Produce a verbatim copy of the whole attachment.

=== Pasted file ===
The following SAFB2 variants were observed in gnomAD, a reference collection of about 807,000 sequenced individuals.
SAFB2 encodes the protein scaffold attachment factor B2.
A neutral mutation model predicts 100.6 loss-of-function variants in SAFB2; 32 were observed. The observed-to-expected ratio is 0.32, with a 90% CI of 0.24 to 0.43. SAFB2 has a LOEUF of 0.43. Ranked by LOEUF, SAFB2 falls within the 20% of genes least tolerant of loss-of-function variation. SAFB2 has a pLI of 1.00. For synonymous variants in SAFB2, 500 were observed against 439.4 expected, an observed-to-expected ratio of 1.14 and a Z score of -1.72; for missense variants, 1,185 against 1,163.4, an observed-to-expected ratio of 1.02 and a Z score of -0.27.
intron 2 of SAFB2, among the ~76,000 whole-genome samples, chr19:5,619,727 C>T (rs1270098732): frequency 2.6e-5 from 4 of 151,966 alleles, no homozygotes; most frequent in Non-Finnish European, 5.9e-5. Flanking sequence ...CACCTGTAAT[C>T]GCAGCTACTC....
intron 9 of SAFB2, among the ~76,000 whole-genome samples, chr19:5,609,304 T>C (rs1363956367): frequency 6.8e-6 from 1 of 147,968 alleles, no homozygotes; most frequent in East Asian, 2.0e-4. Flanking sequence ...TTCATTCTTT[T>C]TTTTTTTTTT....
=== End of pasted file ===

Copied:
The following SAFB2 variants were observed in gnomAD, a reference collection of about 807,000 sequenced individuals.
SAFB2 encodes the protein scaffold attachment factor B2.
A neutral mutation model predicts 100.6 loss-of-function variants in SAFB2; 32 were observed. The observed-to-expected ratio is 0.32, with a 90% CI of 0.24 to 0.43. SAFB2 has a LOEUF of 0.43. Ranked by LOEUF, SAFB2 falls within the 20% of genes least tolerant of loss-of-function variation. SAFB2 has a pLI of 1.00. For synonymous variants in SAFB2, 500 were observed against 439.4 expected, an observed-to-expected ratio of 1.14 and a Z score of -1.72; for missense variants, 1,185 against 1,163.4, an observed-to-expected ratio of 1.02 and a Z score of -0.27.
intron 2 of SAFB2, among the ~76,000 whole-genome samples, chr19:5,619,727 C>T (rs1270098732): frequency 2.6e-5 from 4 of 151,966 alleles, no homozygotes; most frequent in Non-Finnish European, 5.9e-5. Flanking sequence ...CACCTGTAAT[C>T]GCAGCTACTC....
intron 9 of SAFB2, among the ~76,000 whole-genome samples, chr19:5,609,304 T>C (rs1363956367): frequency 6.8e-6 from 1 of 147,968 alleles, no homozygotes; most frequent in East Asian, 2.0e-4. Flanking sequence ...TTCATTCTTT[T>C]TTTTTTTTTT....